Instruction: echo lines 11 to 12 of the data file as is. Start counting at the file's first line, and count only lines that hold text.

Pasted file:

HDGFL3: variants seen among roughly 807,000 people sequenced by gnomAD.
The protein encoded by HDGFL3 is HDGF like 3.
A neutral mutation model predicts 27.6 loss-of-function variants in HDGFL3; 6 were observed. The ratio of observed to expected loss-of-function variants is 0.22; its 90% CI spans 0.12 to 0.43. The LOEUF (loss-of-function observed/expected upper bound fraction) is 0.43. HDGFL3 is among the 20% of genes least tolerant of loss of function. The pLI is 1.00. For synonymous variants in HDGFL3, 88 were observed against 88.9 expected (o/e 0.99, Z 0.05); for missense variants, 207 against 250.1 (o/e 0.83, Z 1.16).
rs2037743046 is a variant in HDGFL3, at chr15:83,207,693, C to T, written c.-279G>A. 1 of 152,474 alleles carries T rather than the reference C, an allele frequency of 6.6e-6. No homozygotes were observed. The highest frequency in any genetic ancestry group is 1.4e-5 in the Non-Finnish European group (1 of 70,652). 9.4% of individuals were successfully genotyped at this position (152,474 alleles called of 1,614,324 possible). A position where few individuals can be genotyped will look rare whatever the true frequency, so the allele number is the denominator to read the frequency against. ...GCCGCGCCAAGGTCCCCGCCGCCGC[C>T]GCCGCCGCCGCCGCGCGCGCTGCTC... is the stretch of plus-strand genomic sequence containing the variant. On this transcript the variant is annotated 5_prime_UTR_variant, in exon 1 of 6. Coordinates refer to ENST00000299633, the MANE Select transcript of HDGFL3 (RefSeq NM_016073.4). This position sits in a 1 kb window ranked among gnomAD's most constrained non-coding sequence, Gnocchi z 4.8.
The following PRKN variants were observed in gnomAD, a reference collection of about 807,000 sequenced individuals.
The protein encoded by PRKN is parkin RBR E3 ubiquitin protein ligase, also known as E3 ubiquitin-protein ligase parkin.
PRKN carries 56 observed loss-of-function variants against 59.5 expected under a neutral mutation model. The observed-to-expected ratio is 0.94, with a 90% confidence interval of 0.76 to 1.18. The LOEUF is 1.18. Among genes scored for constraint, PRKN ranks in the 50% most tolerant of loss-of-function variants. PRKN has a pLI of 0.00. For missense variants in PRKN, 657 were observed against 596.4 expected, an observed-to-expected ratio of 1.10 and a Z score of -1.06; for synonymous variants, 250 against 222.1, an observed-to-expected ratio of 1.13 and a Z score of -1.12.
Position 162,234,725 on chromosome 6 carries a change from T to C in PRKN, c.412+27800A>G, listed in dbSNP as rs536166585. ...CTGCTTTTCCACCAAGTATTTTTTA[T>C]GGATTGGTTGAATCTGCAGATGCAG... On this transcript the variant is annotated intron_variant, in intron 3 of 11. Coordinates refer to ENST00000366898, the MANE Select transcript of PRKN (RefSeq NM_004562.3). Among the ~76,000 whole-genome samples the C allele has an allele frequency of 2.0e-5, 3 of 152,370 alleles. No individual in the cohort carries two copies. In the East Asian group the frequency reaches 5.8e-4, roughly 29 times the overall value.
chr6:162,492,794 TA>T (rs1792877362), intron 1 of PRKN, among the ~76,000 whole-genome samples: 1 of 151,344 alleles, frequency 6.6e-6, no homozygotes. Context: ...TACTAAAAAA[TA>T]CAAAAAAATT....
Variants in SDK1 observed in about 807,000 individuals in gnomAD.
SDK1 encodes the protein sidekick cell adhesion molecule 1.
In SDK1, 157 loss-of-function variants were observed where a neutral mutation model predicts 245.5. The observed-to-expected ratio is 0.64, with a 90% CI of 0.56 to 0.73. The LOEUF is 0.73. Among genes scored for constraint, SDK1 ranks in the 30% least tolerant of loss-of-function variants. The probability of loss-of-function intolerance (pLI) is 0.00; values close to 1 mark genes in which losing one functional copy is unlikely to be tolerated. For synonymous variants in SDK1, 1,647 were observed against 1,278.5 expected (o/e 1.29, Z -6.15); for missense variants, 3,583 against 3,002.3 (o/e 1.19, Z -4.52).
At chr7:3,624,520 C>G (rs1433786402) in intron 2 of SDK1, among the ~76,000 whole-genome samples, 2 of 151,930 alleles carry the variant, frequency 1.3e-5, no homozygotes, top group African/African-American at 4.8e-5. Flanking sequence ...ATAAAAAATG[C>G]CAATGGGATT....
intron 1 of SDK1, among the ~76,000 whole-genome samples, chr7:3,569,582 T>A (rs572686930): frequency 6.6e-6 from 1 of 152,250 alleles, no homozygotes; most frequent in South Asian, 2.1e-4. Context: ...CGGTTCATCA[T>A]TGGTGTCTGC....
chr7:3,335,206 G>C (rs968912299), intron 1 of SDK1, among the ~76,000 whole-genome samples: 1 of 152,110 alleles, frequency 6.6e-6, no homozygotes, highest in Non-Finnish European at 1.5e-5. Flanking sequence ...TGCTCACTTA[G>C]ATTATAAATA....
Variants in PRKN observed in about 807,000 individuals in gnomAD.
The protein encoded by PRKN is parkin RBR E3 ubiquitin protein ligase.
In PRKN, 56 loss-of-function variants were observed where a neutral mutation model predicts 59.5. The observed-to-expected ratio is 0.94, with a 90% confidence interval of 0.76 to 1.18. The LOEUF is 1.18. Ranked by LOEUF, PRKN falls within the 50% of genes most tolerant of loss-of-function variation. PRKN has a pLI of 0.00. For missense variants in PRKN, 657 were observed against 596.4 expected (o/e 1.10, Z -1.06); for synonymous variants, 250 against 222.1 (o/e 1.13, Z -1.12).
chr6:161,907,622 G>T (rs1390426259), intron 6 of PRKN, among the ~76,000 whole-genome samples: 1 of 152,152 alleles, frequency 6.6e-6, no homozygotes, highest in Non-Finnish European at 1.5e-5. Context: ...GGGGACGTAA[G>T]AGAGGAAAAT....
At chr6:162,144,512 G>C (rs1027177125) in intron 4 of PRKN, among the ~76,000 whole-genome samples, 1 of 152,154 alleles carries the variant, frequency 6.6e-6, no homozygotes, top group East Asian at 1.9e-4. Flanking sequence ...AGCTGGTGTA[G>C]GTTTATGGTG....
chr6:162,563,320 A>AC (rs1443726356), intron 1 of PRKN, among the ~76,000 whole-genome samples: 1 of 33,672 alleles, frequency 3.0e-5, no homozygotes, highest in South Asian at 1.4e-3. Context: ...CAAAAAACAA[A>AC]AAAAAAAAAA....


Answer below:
SDK1 encodes the protein sidekick cell adhesion molecule 1.
In SDK1, 157 loss-of-function variants were observed where a neutral mutation model predicts 245.5. The observed-to-expected ratio is 0.64, with a 90% CI of 0.56 to 0.73. The LOEUF is 0.73. Among genes scored for constraint, SDK1 ranks in the 30% least tolerant of loss-of-function variants. The probability of loss-of-function intolerance (pLI) is 0.00; values close to 1 mark genes in which losing one functional copy is unlikely to be tolerated. For synonymous variants in SDK1, 1,647 were observed against 1,278.5 expected (o/e 1.29, Z -6.15); for missense variants, 3,583 against 3,002.3 (o/e 1.19, Z -4.52).